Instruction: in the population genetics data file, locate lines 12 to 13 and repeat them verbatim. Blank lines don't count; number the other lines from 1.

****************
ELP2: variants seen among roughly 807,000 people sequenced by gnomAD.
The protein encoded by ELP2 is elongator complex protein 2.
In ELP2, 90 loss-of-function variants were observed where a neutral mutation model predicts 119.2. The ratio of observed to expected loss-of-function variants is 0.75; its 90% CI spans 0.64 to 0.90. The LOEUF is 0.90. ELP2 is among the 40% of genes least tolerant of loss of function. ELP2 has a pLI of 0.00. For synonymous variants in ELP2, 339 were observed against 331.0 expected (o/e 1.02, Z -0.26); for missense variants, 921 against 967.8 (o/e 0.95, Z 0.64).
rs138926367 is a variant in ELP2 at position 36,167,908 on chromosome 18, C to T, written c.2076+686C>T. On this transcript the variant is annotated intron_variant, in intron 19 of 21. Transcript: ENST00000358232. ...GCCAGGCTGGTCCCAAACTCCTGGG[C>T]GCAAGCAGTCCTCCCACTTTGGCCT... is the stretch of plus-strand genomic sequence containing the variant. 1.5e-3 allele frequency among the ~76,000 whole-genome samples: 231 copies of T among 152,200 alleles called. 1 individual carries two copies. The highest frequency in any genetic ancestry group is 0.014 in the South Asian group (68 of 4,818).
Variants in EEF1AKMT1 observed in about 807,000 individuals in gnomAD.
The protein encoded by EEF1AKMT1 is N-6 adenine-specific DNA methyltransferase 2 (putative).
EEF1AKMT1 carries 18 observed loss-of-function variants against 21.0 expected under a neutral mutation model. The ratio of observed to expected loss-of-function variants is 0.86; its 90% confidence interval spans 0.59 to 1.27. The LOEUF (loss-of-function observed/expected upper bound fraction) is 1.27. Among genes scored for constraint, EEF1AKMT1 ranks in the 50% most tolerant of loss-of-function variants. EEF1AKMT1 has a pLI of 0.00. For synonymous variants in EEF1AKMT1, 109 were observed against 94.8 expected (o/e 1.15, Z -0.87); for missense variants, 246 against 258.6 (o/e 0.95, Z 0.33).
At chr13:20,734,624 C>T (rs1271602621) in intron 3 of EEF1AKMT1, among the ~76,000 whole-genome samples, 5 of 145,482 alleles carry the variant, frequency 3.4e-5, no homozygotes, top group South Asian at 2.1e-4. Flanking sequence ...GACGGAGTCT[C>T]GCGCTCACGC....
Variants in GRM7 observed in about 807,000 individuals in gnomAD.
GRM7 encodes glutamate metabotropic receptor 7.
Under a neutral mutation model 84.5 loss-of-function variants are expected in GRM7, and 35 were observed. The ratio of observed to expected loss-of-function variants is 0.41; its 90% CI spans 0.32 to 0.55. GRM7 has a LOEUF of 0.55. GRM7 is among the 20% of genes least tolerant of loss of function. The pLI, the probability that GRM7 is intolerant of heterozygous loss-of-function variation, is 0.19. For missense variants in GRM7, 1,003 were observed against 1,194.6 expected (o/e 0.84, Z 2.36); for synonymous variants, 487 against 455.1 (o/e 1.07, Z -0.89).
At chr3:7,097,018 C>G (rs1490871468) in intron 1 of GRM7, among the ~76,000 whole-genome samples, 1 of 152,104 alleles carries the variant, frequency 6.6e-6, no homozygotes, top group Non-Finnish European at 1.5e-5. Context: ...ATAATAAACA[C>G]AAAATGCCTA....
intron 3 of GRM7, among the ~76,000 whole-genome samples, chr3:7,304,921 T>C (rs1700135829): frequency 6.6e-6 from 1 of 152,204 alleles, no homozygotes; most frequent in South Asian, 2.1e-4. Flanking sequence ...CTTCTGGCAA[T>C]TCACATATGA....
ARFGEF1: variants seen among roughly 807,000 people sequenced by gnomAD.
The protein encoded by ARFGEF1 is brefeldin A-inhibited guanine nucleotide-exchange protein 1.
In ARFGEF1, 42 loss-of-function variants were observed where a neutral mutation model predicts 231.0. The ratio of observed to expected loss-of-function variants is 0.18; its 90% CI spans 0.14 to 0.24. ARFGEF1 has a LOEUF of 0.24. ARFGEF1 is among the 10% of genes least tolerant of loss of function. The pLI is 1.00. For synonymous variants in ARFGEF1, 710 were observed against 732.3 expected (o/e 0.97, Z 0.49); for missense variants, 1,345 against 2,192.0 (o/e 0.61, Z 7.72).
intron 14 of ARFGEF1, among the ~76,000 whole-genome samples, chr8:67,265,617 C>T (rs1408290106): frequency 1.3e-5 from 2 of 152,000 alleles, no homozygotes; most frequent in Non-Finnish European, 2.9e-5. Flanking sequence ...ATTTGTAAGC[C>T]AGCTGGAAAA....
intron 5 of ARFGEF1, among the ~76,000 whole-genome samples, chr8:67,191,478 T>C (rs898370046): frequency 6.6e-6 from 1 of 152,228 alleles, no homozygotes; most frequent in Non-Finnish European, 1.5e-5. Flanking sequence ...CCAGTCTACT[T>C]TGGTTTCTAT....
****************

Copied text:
At chr3:7,097,018 C>G (rs1490871468) in intron 1 of GRM7, among the ~76,000 whole-genome samples, 1 of 152,104 alleles carries the variant, frequency 6.6e-6, no homozygotes, top group Non-Finnish European at 1.5e-5. Context: ...ATAATAAACA[C>G]AAAATGCCTA....
intron 3 of GRM7, among the ~76,000 whole-genome samples, chr3:7,304,921 T>C (rs1700135829): frequency 6.6e-6 from 1 of 152,204 alleles, no homozygotes; most frequent in South Asian, 2.1e-4. Flanking sequence ...CTTCTGGCAA[T>C]TCACATATGA....